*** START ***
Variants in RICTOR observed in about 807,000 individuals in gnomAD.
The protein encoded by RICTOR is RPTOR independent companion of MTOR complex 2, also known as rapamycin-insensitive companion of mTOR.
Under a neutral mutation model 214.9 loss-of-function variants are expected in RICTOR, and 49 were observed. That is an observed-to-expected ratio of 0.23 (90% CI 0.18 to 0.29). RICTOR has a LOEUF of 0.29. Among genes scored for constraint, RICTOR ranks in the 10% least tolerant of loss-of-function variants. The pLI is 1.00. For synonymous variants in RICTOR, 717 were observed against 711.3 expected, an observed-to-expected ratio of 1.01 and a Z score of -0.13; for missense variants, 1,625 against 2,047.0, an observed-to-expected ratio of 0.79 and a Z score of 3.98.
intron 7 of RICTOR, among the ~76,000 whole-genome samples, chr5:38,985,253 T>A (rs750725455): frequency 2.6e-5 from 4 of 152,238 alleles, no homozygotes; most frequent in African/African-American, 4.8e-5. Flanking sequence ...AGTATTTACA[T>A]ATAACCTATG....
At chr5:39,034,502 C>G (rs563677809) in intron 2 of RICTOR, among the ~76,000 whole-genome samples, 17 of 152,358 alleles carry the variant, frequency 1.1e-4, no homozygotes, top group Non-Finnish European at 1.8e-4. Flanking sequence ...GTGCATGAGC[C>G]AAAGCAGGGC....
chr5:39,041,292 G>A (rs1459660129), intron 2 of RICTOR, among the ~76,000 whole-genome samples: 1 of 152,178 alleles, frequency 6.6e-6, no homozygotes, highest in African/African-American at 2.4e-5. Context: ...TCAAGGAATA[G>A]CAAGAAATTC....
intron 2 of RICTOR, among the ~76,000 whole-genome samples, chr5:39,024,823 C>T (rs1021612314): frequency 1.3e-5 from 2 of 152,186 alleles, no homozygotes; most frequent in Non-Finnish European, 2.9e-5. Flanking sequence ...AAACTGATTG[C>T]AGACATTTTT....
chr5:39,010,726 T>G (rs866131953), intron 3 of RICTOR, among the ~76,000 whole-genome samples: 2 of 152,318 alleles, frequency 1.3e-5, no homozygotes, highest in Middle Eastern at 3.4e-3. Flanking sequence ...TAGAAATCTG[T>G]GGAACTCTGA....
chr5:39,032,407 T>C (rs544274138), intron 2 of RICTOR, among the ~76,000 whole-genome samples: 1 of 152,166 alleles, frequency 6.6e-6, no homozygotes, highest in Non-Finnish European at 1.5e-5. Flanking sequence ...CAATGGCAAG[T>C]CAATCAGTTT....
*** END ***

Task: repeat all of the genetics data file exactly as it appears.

Variants in RICTOR observed in about 807,000 individuals in gnomAD.
The protein encoded by RICTOR is RPTOR independent companion of MTOR complex 2, also known as rapamycin-insensitive companion of mTOR.
Under a neutral mutation model 214.9 loss-of-function variants are expected in RICTOR, and 49 were observed. That is an observed-to-expected ratio of 0.23 (90% CI 0.18 to 0.29). RICTOR has a LOEUF of 0.29. Among genes scored for constraint, RICTOR ranks in the 10% least tolerant of loss-of-function variants. The pLI is 1.00. For synonymous variants in RICTOR, 717 were observed against 711.3 expected, an observed-to-expected ratio of 1.01 and a Z score of -0.13; for missense variants, 1,625 against 2,047.0, an observed-to-expected ratio of 0.79 and a Z score of 3.98.
intron 7 of RICTOR, among the ~76,000 whole-genome samples, chr5:38,985,253 T>A (rs750725455): frequency 2.6e-5 from 4 of 152,238 alleles, no homozygotes; most frequent in African/African-American, 4.8e-5. Flanking sequence ...AGTATTTACA[T>A]ATAACCTATG....
At chr5:39,034,502 C>G (rs563677809) in intron 2 of RICTOR, among the ~76,000 whole-genome samples, 17 of 152,358 alleles carry the variant, frequency 1.1e-4, no homozygotes, top group Non-Finnish European at 1.8e-4. Flanking sequence ...GTGCATGAGC[C>G]AAAGCAGGGC....
chr5:39,041,292 G>A (rs1459660129), intron 2 of RICTOR, among the ~76,000 whole-genome samples: 1 of 152,178 alleles, frequency 6.6e-6, no homozygotes, highest in African/African-American at 2.4e-5. Context: ...TCAAGGAATA[G>A]CAAGAAATTC....
intron 2 of RICTOR, among the ~76,000 whole-genome samples, chr5:39,024,823 C>T (rs1021612314): frequency 1.3e-5 from 2 of 152,186 alleles, no homozygotes; most frequent in Non-Finnish European, 2.9e-5. Flanking sequence ...AAACTGATTG[C>T]AGACATTTTT....
chr5:39,010,726 T>G (rs866131953), intron 3 of RICTOR, among the ~76,000 whole-genome samples: 2 of 152,318 alleles, frequency 1.3e-5, no homozygotes, highest in Middle Eastern at 3.4e-3. Flanking sequence ...TAGAAATCTG[T>G]GGAACTCTGA....
chr5:39,032,407 T>C (rs544274138), intron 2 of RICTOR, among the ~76,000 whole-genome samples: 1 of 152,166 alleles, frequency 6.6e-6, no homozygotes, highest in Non-Finnish European at 1.5e-5. Flanking sequence ...CAATGGCAAG[T>C]CAATCAGTTT....